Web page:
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Managing the software licensing landscape within most companies is a complex task, which is made more complicated by the sheer number of contracts to be managed (hundreds, if not thousands) as well as the different types of licenses that must be administered. This IDC MaturityScape will enable organisations to refine or develop strategies for effective software license optimisation. Software license complexity will cost organizations an average of 25% of their software license budgets in 2015, industry trends such as virtualisation, cloud, and increased flexibility in software licensing have added to this challenge, IT buyers should understand the key triggers and be especially vigilant with license management.
With Oracle audits on the rise, organisations that can best align license agreements with actual database and option usage can reduce their financial risk and maximise the value of their Oracle investments. The goal is to “right-size” Oracle across the enterprise and gain control over the entire license management process – from accurate needs projections and licensing negotiations, to deployments and audit preparation. Read on.
Optimised license management is a necessity for all licenses owned by the enterprise. While organisations are starting to understand their license position for the desktop estate, the reality is that licensing in the datacenter presents a daunting set of challenges that require a robust, automated license management solution. Learn about how to address the unique license management requirements of all enterprise IT environments including the desktop and the datacenter.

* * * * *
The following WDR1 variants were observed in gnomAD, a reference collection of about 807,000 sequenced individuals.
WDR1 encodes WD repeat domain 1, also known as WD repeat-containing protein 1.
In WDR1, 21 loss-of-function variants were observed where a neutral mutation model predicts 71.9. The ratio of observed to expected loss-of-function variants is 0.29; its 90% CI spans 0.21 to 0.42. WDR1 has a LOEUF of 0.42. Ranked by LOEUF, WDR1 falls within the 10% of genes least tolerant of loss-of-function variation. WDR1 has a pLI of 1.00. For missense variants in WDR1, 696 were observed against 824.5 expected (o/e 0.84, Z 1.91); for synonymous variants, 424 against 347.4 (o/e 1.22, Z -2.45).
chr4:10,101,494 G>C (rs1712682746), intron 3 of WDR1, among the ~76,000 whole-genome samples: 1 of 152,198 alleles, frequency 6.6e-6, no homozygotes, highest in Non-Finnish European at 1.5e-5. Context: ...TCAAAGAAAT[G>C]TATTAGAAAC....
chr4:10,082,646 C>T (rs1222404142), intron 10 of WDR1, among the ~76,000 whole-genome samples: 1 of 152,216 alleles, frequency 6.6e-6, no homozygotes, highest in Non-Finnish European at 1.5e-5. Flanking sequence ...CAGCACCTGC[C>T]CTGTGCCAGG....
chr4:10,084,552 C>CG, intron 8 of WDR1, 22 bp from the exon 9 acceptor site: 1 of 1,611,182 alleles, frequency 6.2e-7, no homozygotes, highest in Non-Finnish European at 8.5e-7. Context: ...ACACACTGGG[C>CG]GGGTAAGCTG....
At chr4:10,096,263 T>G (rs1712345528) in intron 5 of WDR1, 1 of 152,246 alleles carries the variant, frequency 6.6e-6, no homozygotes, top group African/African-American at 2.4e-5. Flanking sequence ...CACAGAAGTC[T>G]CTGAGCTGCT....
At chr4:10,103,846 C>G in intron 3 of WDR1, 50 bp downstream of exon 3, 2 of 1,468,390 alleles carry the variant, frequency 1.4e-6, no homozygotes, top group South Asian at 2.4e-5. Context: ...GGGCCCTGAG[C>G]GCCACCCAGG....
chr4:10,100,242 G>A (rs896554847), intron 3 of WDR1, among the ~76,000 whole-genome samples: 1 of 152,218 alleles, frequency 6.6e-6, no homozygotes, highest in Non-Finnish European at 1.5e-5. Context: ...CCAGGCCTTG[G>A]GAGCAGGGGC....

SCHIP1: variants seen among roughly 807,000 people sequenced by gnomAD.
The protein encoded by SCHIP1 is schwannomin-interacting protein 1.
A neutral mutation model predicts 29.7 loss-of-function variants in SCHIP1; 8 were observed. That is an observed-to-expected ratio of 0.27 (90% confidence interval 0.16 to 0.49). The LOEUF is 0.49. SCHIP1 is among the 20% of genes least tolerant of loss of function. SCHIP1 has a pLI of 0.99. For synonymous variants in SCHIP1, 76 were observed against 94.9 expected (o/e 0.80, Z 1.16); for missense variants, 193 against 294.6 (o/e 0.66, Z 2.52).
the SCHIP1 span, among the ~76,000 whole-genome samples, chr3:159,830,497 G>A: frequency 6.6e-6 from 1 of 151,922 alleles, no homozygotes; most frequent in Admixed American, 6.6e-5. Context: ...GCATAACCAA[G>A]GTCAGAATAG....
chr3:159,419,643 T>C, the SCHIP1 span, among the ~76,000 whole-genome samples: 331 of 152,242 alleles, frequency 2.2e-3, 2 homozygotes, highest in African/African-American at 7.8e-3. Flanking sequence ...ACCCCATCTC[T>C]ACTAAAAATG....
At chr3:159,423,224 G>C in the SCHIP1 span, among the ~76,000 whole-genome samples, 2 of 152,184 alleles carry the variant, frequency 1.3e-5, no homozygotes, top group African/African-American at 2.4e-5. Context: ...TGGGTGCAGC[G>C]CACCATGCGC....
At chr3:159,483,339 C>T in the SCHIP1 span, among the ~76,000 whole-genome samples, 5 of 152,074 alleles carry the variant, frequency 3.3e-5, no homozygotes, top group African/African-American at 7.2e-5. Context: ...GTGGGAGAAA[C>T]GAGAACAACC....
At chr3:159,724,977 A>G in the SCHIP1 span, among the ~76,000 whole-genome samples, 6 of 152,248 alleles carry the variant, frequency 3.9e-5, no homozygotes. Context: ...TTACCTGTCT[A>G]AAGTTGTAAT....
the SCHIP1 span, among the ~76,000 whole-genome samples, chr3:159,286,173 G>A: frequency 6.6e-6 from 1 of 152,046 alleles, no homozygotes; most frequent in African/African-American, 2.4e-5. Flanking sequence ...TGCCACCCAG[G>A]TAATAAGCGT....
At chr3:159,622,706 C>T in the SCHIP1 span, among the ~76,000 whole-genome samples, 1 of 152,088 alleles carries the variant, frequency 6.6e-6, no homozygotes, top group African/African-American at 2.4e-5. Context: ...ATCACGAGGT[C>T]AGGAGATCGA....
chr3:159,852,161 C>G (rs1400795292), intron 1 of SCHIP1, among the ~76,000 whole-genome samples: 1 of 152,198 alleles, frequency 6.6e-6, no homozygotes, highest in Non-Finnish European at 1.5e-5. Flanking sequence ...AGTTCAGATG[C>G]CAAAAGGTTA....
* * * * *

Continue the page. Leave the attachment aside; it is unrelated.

IBM provides thousands of products in its portfolio and uses a variety of license models, contract terms and conditions. These license models can be very complex, causing frequent confusion for organisations trying to grasp the concepts while maintaining license compliance. While at first IBM licensing may seem incomprehensible, some education on the license models and licensing scenarios will help minimise the confusion. In addition, a more automated approach to managing licenses enables organisations to gain control, reduce ongoing software costs and minimise license liability risks. Read on.
Software asset management (SAM) is a complex process that enables organisations to gain control of their software estate from both a license compliance and financial standpoint. In many organisations, SAM represents one of the few remaining ways that substantial IT savings can be realised. McKinsey and Sand-Hill Group estimate that 30% or more of IT budgets are consumed by software license and maintenance costs. By optimising the SAM process, organisations can maximise software utilisation, reduce the risk of non-compliance (audits, fees, penalties), and reduce overall IT costs by as much as 5 to 10% per year. Read on.